Years ago, when I first started using email, I did indeed do this with procmail and other arcane beasties. Then, I found myself cursing that I couldn't do cross-folder searches very easily. Also, the filters and folders started making less sense as their structure represented only one possible scheme for finding what I was looking for, and I was needing many possible kinds of schemes over time. So, eventually it all ended up in one pile, and searches became my way of finding things.
I abandoned bookmarks for Google by the same principle. Now, my bookmarks consist completely of bookmarklets and a few stray links to local on-disk pages like Python documentation. In fact, I wishing that I could create bookmark folders that are fed by Google API powered persistent searches.
So, now I'm looking balefully upon my filesystem.

<AOL>Me too!</AOL> I really, really suck at organizing. I'd rather just search based on content, attributes, etc.

Posted by jzawodn at January 19, 2003 02:13 PM

Reader Comments
# Adam Keys said:

This flat organization thing is gaining speed. The revolt against XML and DBMS are one in the same. Google makes the internet flat. So what do the folks in charge of the indexing algorithms, the stuff that makes flat possible, think about the revolt against hierarchies?

on January 20, 2003 12:11 AM
# tor kristensen said:

I've been thinking about writing a Flash app that would generate bookmarks/sites to visit based on keyword/regexp combinations...

anyone interested in helping out?

I've got the googleflash comm. done (trivial anyway) but need to come up with a effective way of combining keywords/phrases to find sites.


on January 20, 2003 02:53 AM
# Andrew Cohill said:

Boswell is a personal Google of sorts for the Mac, and the company is about to release a Unix-based version for OS X. One of the things Boswell does nicely is import mailboxes--giving you Boswell's great search tools across your entire mail archive.

Boswell's brilliant achievement is the ability to create notebooks with the same item in more than one notebook, without duplicating the item. Boswell was designed both as a long term archive of everything text-based, and as a current work organizer. It does a nice job at both. At first glance, it appears to be a database, but it's not. It's a flat archive with really good search and organizing tools.


on January 20, 2003 06:03 AM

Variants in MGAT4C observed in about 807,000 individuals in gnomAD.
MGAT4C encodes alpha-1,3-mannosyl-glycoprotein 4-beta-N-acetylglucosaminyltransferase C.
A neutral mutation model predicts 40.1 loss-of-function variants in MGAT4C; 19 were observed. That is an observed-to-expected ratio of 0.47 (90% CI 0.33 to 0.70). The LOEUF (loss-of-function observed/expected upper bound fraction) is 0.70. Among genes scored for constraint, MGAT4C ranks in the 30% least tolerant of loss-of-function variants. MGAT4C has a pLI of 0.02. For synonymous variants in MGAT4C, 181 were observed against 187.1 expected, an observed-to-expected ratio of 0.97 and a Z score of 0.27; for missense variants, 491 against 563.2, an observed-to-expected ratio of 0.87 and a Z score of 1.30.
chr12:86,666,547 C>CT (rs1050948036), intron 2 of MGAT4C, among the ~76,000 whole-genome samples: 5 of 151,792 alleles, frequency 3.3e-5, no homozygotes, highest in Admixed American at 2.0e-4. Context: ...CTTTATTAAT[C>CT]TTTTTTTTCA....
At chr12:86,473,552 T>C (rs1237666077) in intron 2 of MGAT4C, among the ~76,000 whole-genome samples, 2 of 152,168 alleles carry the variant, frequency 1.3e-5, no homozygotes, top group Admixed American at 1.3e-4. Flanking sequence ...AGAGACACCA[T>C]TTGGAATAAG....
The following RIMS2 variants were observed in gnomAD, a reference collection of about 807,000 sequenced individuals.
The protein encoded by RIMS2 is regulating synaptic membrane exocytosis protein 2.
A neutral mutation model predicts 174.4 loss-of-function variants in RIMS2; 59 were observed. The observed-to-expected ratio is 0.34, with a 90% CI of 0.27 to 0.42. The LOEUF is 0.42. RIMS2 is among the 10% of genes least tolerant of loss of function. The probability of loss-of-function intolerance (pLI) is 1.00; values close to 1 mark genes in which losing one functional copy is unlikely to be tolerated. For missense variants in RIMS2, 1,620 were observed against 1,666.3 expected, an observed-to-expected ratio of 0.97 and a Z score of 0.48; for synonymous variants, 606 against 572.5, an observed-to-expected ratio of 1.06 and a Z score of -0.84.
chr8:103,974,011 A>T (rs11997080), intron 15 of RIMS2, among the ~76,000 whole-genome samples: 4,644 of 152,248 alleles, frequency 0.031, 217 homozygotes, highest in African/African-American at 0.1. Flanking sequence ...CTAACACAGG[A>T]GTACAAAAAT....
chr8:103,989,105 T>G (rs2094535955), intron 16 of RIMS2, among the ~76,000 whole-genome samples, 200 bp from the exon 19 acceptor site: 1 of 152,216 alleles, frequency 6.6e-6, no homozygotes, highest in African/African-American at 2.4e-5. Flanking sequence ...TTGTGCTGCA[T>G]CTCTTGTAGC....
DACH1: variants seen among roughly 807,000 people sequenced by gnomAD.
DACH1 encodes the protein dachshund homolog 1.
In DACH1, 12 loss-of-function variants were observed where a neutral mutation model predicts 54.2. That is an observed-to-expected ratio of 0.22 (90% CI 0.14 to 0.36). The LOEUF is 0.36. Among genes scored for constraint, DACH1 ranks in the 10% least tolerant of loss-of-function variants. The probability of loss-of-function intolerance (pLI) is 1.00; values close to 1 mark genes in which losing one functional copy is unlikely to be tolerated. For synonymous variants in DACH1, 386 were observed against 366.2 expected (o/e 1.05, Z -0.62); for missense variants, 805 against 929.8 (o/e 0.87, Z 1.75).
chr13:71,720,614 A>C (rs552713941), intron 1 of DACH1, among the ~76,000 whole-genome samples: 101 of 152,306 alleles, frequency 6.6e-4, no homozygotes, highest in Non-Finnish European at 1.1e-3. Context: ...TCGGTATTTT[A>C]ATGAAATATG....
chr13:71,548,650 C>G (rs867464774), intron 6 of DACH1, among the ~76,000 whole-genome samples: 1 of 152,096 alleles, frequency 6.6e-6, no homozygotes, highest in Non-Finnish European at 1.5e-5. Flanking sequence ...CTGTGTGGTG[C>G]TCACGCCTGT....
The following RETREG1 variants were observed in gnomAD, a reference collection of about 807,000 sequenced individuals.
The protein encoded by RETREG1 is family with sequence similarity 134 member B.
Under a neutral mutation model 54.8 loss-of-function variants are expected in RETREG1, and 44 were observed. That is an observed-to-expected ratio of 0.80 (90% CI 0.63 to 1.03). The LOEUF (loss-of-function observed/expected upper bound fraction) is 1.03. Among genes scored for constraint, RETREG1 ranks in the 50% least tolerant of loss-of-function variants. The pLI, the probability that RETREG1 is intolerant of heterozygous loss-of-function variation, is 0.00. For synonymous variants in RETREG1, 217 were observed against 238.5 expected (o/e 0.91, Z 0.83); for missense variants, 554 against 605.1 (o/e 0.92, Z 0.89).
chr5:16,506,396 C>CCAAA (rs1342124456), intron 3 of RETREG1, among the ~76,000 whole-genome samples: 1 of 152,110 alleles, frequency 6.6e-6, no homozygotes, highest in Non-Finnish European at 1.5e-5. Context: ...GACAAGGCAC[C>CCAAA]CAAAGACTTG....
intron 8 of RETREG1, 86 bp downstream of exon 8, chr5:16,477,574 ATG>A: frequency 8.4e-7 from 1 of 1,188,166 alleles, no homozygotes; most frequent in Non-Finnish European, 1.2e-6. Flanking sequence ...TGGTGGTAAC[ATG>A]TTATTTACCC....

# Danny said:

Google may flatten things, but it's very crude. The part that works, the key difference is looking at things as (node and arc) graphs rather than trees. In Google's case it's sites & links, but it can just as easily be files and categories or whatever. Things get messy using plain XML for this, though RDF does it well.

Hierarchical trees are out, directed graphs are in. Outliners are just *so* 20th century...

on January 20, 2003 03:46 PM
# Lenz said:

Regarding storing and searching for email without a
hard-coded folder structure - have a look at ZOň.
It's Java based and can be operated via a web browser. From the About page:

The goal here is to do for email (starting with your personal mailbox)
what Google did for the web... The Google principle: It doesn't matter
where information is because I can get to it with a keystroke.
So what is ZoŽ? Think about it as a sort of librarian, tirelessly,
continuously, processing, slicing, indexing, organizing, your messages.
The end result is this intertwingled web of information. Messages put in
context. Your very own knowledge base accessible at your fingertip. No
more "attending to" your messages. The messages organization is done
automatically for you so as to not have the need to "manage" your email.
Because once information is available at a keystroke, it doesn't matter
in which folder you happened to file it two years ago. There is no
folder. The information is always there. Accessible when you need it. In

on January 22, 2003 04:46 AM
# MichaelE said:

I may be off base a bit but is the main idea a way to store "places of interest"? I was always in the dilemma of bookmarking stuff to local machines and that stranded the links when I went on the road. Then I used Powermarks and a crude file sync that moved the Powermarks file between the notebook and the desktops I used. Now I just use the Bookmarks4U project and I run it off of my server at home. Since it stores all of the Bookmark Data in a mySQL table I can easily access it and then do a blogrolling-like applet that just queries based on last visited... Mainly effective. Now if the whole thing was about 'cubing' information then ignore my comment... ;)

on January 26, 2003 09:54 AM
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